I DON’T Love Your children!
A few weeks ago I had lunch with a judge from Nassau County whom I respect very much. We were talking about difficult parenting discussions I have had with clients and she stopped me with this story:
“Do you know what I say to couples who turn up in my courtroom? First, I ask them what they are doing in my courtroom. They explain they are there to settle a custody issue. I then ask them, “Do you love your children? Well, then what are you doing here? Because, I don’t love your children. I don’t even know your children and you are putting your children into the hands of a total stranger who doesn’t love them.”
So often if you have locked horns with your spouse you think that there has got to be a fair, impartial, and honest judge who will see the situation from your perspective and choose what you know is best for your kids. After all that is the mandate and mantra of the family court system, to decide “in the best interests of the children”. But as you can see, even terrific judges can’t know your children as well as their parents and while you may think it is obvious what should be decided, it may not appear that way to someone who doesn’t know anything about you, your spouse or your children.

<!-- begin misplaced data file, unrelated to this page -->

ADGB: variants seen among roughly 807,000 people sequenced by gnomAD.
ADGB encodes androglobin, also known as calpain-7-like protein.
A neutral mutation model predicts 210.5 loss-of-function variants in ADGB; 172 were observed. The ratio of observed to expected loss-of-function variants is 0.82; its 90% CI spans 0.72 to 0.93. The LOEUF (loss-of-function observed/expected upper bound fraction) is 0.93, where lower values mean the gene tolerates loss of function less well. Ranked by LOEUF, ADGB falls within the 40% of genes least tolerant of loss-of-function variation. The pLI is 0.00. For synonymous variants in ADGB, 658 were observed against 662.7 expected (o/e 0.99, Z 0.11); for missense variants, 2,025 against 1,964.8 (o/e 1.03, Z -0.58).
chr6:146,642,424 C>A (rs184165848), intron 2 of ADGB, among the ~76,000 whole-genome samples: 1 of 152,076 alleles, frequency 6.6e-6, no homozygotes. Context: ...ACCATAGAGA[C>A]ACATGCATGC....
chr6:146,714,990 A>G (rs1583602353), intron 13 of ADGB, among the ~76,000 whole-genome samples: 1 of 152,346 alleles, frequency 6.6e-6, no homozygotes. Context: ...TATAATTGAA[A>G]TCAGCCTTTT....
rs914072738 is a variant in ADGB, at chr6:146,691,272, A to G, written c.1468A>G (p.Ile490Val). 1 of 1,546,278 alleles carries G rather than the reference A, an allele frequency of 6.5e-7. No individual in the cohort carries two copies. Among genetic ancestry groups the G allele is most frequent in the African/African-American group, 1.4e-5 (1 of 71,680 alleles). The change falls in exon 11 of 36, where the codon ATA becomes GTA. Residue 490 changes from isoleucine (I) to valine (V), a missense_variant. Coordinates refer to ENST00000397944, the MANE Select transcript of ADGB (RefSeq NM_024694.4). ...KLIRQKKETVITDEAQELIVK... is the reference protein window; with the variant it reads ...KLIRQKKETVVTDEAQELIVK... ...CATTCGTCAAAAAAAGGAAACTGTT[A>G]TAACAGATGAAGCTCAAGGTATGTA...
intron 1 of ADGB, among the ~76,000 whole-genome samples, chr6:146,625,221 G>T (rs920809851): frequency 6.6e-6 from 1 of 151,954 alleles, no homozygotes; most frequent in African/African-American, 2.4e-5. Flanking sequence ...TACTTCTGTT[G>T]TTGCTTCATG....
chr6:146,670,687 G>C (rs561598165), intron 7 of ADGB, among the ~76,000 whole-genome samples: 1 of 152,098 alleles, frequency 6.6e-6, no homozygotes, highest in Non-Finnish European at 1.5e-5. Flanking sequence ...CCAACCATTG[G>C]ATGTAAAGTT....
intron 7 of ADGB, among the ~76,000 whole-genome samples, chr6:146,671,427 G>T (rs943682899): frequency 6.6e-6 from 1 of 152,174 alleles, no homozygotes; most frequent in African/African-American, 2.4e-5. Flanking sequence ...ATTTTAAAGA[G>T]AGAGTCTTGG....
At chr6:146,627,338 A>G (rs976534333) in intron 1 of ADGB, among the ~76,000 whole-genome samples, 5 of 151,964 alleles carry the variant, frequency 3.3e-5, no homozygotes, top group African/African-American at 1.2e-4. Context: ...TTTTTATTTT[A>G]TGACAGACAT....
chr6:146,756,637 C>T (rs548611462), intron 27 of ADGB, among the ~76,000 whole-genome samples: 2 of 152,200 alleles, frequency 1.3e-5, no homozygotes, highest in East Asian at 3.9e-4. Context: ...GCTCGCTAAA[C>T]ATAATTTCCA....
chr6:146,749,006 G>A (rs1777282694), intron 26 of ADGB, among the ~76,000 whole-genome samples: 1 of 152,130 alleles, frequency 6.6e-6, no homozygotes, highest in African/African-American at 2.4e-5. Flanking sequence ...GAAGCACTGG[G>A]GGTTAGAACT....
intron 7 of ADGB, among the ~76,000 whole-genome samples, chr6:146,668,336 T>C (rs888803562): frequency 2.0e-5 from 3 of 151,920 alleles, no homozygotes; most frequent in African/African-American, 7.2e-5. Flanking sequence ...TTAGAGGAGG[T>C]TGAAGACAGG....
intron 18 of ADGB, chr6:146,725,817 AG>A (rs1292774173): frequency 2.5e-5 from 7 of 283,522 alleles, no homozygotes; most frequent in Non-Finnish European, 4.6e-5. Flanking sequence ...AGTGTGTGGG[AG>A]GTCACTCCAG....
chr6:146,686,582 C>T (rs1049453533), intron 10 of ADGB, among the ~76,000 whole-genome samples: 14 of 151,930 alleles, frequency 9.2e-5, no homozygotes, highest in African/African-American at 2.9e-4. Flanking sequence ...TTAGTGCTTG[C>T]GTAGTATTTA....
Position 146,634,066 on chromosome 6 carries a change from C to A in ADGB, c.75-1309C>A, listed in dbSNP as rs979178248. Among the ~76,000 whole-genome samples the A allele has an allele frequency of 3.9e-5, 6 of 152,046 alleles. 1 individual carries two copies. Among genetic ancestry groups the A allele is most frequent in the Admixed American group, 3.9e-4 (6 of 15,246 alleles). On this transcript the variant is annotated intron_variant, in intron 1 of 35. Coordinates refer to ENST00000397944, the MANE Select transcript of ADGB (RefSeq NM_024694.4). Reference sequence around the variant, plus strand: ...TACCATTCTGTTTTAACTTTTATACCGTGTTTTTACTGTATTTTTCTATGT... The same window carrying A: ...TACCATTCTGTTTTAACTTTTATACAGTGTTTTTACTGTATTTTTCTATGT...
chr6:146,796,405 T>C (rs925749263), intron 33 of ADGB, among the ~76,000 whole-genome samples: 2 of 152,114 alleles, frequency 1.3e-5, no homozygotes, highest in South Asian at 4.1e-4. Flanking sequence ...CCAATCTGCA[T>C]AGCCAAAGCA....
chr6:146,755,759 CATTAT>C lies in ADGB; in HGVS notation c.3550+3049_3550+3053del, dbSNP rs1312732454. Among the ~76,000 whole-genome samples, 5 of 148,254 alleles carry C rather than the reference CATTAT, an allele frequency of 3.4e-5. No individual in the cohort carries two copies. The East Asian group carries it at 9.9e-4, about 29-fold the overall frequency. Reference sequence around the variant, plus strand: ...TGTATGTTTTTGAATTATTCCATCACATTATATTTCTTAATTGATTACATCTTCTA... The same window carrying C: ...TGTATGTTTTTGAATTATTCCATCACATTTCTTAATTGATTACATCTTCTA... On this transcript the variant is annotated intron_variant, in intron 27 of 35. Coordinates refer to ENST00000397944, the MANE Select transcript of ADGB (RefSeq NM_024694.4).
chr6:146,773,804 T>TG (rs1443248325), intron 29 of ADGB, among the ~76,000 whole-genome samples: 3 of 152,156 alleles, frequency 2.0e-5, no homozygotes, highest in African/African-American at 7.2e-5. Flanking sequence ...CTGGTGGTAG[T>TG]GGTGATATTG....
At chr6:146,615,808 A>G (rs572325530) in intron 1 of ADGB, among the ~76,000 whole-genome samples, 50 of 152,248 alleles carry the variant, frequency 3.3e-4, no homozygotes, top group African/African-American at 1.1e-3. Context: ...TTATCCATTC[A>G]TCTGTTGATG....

When you decide to go to court keep in mind that you are losing control of your ability to make decisions for your family. No matter what you say, after a judge has ruled, you will be given a court order to follow through with his/her decision and you are bound by that order unless you return to court to appeal the judgement.
Often judges will ask parents if they have tried mediation before deciding on their parenting plans or custody issues because, unless they absolutely have to make those decisions, the judges want the parents to do so. Mediation is sometimes mandated by matrimonial judges, even in cases where all other issues are being litigated, to keep parents in control of all decisions involving their children.
A year ago I worked with a very angry couple who were ordered by a judge to work out a parenting schedule or the judge would “do it for (them) and (they) weren’t going to like it”. When they appeared in my office they were each threatening and accusing the other of unspeakable behavior. The fact that I was neither judge not jury, and wasn’t going to resolve their issues for them finally sunk in and they were left with having to speak to each other and hash out an agreement they could live with. It wasn’t easy, but we did it. Having had discussions about their children and what was best for each of them, they were able to return to court with a parenting plan that they had settled on together.